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ISSUE 4 (5):

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By V.Filippov (Moscow, Russia)

Typographer of magazine "Cacti and others"

Photo 1.

You will never skip crests in any collection containing plants of different shapes and colors. Their unusual look and charm will draw your attention. (photo 1 Pachypodium lamerei).

In this article I will try to summarize facts from different publications concerning the origin of fasciations. (Ugly deformation of stems shown as accretion in several points and/or extension of one of them). I should say that there is no described 100% successful method of growing crests. I mean published methods when repeated did not have the same results. But there are lots of articles where authors having particular examples of forming crests tried to build theories about their origin. The problem is that they had only consequences handy, not succession of facts. We will look at some of these theories here.

Photo 2.

So, what factors according to the authors contributed to developing crested forms? Many of them believe that crests are the result of a decease appeared after the plant was injured or the normal feeding of tissues was broken (hypertrophy). They mean cases when the plants were injured by pets and parasites sucking juice and laying eggs in the body of the plant. In fact ticks happen to reproduce so abundantly on the plant that the growing point dies and the plant suspends growing. Then it starts developing lateral offsets from areoles including crests. One can come across crest whose lower part is covered with rusty spots - the traits of previous tick attacks. Is it the cause of the fasciation or the owner's negligence?

Many "cacti hunters" say that where you find one crest you can find more near including the ones belonging to other species. This fact is the ground for considering mechanical injury as the cause for forming crests (especially if there are rocks nearby or the place is used as a pasture). Another cause is believed to be auxin poisoning in the result of contamination with fungi. By the way, speaking of mechanical injury of growing point I should mention the following experiment.

Photo 3.

An Echinopsis multiplex was cut by the knife vertically into four parts joined in the lower part. To prevent them from accretion a piece of wood was placed in the middle. Some time later two parts formed crests. Unfortunately, Mr. Wolthuys (J.J.Verbeek Wolthuys "Monstrosity and crestation in succulent plants") failed to repeat the experiment. I decided to make it myself with the help of 3-years old Astrophytum ornatum. I cut it in a similar way and placed a 1-cm diameter pebble in the middle. It is early to make any conclusions but the plant seems to surround the foreign body, and there are no signs of crest (photo 2). I made another experiment with a young seedling of Astrophytum ornatum grafted into a peresliopsis. All the four parts gave a normal offset from the top.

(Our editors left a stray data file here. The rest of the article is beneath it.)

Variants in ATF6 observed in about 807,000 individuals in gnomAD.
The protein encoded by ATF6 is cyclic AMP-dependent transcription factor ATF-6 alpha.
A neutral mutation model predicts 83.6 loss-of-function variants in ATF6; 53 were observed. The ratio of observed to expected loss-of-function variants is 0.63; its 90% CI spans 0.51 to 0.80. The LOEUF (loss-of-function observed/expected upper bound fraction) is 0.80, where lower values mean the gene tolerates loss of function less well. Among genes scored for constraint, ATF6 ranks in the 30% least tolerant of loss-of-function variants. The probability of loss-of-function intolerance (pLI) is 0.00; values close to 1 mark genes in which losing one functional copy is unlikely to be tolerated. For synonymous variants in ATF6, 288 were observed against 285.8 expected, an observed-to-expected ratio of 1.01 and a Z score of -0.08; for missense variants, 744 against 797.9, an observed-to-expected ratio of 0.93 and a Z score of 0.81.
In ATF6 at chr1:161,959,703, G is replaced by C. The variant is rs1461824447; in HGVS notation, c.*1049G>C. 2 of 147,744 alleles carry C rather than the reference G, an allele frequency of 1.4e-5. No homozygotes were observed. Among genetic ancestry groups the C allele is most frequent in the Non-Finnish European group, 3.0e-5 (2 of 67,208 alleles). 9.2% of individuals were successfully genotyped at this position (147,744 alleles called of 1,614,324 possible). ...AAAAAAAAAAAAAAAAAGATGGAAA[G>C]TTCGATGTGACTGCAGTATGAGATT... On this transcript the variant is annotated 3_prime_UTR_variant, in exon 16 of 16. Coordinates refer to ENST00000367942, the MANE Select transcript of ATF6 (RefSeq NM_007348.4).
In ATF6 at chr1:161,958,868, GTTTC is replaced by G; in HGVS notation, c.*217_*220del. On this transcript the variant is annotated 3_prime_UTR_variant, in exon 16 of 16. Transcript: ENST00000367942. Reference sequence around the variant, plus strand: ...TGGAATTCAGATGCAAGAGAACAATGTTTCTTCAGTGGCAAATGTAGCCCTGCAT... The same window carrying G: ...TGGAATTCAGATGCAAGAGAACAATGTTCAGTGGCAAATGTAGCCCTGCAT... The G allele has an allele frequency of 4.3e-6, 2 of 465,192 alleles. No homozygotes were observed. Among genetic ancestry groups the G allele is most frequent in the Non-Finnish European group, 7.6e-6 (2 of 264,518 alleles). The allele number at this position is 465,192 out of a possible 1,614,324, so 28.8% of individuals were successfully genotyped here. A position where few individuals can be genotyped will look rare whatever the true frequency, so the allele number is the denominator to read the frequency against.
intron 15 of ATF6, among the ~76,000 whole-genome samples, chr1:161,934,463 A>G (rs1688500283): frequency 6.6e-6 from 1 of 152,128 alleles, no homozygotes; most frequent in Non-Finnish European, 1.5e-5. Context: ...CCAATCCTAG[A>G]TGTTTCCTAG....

Probably just mechanical injury is not enough and it requires contamination. But what kind of contamination? What is biochemical difference of crest tissues from normal ones? Is it possible to inject crestation?

Photo 4.

Not being a biologist I decided to make this question clear for myself. I cut a piece of crest, crumbled it up, mashed it and got juice with pulp. Using a syringe with a thick needle I injected the juice about 7-10 mm deep into the growing point of one of the A.ornatum seedlings. The result is as follows: the growing point seems to be alive, the seedling is going on growing without any changes. May be again it is early to speak of the results?

OK, "the injection of crestation" gave no results. Is it possible to achieve the desired effect using chemicals? I mean just poisoning plants? There are cases described when similar actions led to the desired result. C&SJ 1(2) published an article about Opuntia cylindrical that formed a crest after it was poisoned with arsenic solution. Wolthuys described his attempts to poison 12 seedlings of Echinopsis using different chemicals, including salt, soda and others. The plants grew stunted or rotted, but two of them survived. One of them formed normal offsets, the other - crests. Eight years later he repeated the experiment injecting water, lactic, oxalic and formic acid, and other chemicals. Most plants died again.

Photo 5.

There are cases when plants formed crests as they grew very fast and abundantly because of the soil rich in nitrogen. That means this is the break of tissues feeding that can lead to fasciations. For instance, a plant formed crests after it was kept unplanted for 3 years. Both previous and this case are examples of shock therapy.